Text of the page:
Whilst the UK Bribery Act 2010 (‘the Act’) came into effect in July 2011 in the UK and repeals all other anti-bribery legislation in the UK, there are numerous implications the Act may have upon South African companies and its impacts could be felt far and wide, says Terry Booysen, CEO of CGF Research Institute (Pty) Ltd.
The world could learn a few lessons through the actions taken by the United States, considering the manner in which they have taken concrete steps against bribery and corruption.
It sounds like some wonderful advertisement; experience teaches us when an offer ‘sounds too good to be true’, there’s usually some sinister catch behind it.
More organisations are beginning to realise that their ability to produce an annual Integrated Report -- as recommended by the King Report on Governance for South Africa 2009 (King III) -- is not as simple as they may have first believed.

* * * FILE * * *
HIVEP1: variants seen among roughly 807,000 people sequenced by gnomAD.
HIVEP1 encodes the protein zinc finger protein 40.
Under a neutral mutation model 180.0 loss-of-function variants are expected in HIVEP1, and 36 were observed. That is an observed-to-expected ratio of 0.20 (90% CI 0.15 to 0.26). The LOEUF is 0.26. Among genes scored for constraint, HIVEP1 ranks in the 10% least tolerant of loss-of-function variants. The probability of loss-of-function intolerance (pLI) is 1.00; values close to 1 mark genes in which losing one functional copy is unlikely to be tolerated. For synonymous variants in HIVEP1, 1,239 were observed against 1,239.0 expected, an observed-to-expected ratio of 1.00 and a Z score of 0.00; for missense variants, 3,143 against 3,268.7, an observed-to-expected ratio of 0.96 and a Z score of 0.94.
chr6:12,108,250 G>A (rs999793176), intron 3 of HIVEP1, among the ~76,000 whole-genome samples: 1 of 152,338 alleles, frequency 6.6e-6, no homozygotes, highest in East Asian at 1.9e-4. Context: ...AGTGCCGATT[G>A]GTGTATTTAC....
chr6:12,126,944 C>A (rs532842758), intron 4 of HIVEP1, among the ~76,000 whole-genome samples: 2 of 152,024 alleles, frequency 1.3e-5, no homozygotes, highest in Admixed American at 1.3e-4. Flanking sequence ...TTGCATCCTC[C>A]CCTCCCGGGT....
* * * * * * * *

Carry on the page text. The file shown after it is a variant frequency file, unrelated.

One of the biggest oversights found in many organisations is that they generally do not factor their Human Capital risks, neither integrate these risks within the overall risks of the organisation.
Considering the heightened awareness of governance reporting
and the increased accountability
attached to directors; so much has changed for business leaders since the collapse of Enron and WorldCom in the United States, the HIH Insurance Group in Australia and Parmalat in Italy. Unsurprisingly, South Africa has also had its fair share of corporate failures, most notably those found in the cases of Aurora Mining company, Macmed, Leisurenet, Fidentia and Regal Bank.
Good morning esteemed guests, ladies and gentlemen; and a special welcome to all of those who have travelled from near and afar, in order to attend this special event – the MDG Review Summit & Exhibition of 2012.
There’s much that can be said about the manner in which members of a board are ‘wired’, and it does not take much to recognise those directors who embrace technology and those who don’t.
Crime experts, economists and NGOs were recently not surprised that an estimated R30 billion was being lost annually by South African taxpayers due to graft, incompetence and negligence in the public service.